Taylor (1977)

1977 Taylor Report (complete)


The Taylor Report (1977)
A New Partnership for Our Schools

Report of the Committee of Enquiry appointed jointly by the Secretary of State for Education and Science and the Secretary of State for Wales under the chairmanship of Mr Tom Taylor CBE

London: Her Majesty's Stationery Office 1977
Crown copyright material is reproduced with the permission of the Controller of HMSO and the Queen's Printer for Scotland.


Notes on the text

Background

The committee of enquiry was appointed by Labour education secretary Reg Prentice (and the Secretary of State for Wales) in April 1975 (eighteen months before prime minister Jim Callaghan gave his Ruskin College speech which began the 'Great Debate' about education). It was asked:

To review the arrangements for the management and government of maintained primary and secondary schools in England and Wales, including the composition and functions of bodies of managers and governors, and their relationships with local education authorities, with head teachers and staffs of schools, with parents of pupils and with the local community at large; and to make recommendations.
The committee's report was presented to education secretary Shirley Williams and Welsh secretary John Morris in June 1977. (Margaret Thatcher's Tories won the 1979 election and Williams left the Labour party in 1981 to become one of the 'Gang of Four' who founded the Social Democratic Party, which was later merged with the Liberal party).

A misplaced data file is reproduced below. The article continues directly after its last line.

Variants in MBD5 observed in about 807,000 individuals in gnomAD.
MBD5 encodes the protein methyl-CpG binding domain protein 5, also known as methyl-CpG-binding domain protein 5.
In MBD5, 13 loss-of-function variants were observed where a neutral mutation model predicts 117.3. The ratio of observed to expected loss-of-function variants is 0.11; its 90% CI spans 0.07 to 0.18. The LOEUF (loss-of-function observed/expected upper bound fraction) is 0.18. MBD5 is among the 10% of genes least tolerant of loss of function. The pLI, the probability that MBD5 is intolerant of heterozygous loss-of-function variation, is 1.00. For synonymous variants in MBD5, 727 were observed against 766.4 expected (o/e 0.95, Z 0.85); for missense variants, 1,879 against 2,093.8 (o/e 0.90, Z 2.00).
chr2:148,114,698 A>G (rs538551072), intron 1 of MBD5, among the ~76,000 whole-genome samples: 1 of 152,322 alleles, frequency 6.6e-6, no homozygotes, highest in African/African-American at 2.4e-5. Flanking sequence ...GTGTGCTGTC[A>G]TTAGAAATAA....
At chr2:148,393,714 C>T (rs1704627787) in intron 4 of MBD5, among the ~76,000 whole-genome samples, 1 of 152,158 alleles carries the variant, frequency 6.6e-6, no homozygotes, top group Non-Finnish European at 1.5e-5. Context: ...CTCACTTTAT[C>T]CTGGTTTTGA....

Born in 1929, Tom Taylor (pictured) became a member of Blackburn Town Council in 1954 and was its Leader from 1972 to 1976. He was a founder member of the Council of the Lancaster University and served as its Deputy Pro-Chancellor from 1972 to 1995. He became a peer (Baron Taylor of Blackburn) in 1978. He was suspended from membership of the Lords for six months in 2009 after being caught up in the 'cash for questions' scandal.

The 23 members of the committee included Joan Sallis, who has long campaigned for school governor training and was the first national president of the Campaign for State Education.

The committee was divided on a number of issues, one member (Councillor PO Fulton, chair of Cleveland's education committee) even producing his own minority report, which can be found in the Notes.

The Taylor Report contains an invaluable history of school managers and governors from 597 to 1945 in Appendix B.

The report online

The full text of the report (including the Appendices) is online.

The formatting of the text (bold, italics, centred etc) is a reasonably accurate representation of the printed version, but the pages presented here are not exact facsimiles of the original: the font (Times, Arial etc) and size of print - and therefore the number of words to a line and lines to a page - are determined by the settings you have chosen for your web browser. However, the page breaks are correct. In other words, if something is shown here as being on, say, page 103, you can be sure it appeared on page 103 in the original.